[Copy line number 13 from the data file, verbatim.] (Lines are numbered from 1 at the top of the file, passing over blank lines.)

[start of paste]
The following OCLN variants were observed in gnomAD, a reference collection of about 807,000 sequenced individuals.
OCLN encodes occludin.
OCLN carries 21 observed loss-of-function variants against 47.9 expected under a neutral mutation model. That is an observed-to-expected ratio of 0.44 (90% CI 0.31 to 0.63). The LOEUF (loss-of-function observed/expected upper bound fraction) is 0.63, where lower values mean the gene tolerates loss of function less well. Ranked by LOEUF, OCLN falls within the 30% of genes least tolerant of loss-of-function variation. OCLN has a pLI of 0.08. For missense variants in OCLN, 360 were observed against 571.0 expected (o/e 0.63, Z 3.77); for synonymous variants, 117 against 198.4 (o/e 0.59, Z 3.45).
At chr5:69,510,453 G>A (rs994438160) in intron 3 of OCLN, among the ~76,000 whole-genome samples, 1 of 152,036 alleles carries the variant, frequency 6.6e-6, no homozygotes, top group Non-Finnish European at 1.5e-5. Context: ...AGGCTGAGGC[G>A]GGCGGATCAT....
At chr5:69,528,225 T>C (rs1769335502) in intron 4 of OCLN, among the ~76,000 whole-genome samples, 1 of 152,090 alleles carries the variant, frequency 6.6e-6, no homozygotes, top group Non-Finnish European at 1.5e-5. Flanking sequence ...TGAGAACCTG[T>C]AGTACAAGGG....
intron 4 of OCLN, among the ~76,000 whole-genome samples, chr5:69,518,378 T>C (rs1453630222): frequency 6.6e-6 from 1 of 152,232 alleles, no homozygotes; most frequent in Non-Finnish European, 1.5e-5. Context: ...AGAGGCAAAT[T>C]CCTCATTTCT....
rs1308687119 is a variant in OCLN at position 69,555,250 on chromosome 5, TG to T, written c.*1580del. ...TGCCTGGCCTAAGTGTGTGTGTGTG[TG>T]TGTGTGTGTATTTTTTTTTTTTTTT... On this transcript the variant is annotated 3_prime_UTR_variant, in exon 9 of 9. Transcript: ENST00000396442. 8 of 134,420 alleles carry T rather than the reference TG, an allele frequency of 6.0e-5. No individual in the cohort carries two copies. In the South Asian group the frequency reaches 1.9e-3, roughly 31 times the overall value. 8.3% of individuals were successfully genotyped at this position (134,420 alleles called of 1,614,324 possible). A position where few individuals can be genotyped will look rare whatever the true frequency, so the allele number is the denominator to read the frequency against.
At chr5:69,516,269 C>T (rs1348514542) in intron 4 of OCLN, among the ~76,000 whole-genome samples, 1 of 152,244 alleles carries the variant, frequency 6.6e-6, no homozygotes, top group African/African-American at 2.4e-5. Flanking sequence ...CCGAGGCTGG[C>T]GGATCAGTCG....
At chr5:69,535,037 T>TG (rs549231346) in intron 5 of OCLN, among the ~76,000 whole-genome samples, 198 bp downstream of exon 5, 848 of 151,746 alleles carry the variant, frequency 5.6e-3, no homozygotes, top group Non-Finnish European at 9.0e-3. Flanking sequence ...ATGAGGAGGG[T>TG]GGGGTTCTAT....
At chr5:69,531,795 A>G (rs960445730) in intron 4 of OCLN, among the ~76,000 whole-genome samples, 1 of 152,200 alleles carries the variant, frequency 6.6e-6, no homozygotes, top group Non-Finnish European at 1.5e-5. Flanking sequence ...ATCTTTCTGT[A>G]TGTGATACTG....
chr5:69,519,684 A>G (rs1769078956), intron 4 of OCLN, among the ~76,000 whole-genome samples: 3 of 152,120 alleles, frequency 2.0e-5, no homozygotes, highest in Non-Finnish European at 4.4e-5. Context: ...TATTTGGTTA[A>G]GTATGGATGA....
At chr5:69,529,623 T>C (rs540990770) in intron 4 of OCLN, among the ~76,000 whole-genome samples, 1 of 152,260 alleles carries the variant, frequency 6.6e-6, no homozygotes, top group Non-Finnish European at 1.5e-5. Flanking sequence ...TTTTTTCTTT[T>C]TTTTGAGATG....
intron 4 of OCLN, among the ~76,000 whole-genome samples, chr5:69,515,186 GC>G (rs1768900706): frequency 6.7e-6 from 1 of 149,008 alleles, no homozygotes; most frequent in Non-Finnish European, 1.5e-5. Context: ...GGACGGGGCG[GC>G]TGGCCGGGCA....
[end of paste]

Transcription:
intron 4 of OCLN, among the ~76,000 whole-genome samples, chr5:69,515,186 GC>G (rs1768900706): frequency 6.7e-6 from 1 of 149,008 alleles, no homozygotes; most frequent in Non-Finnish European, 1.5e-5. Context: ...GGACGGGGCG[GC>G]TGGCCGGGCA....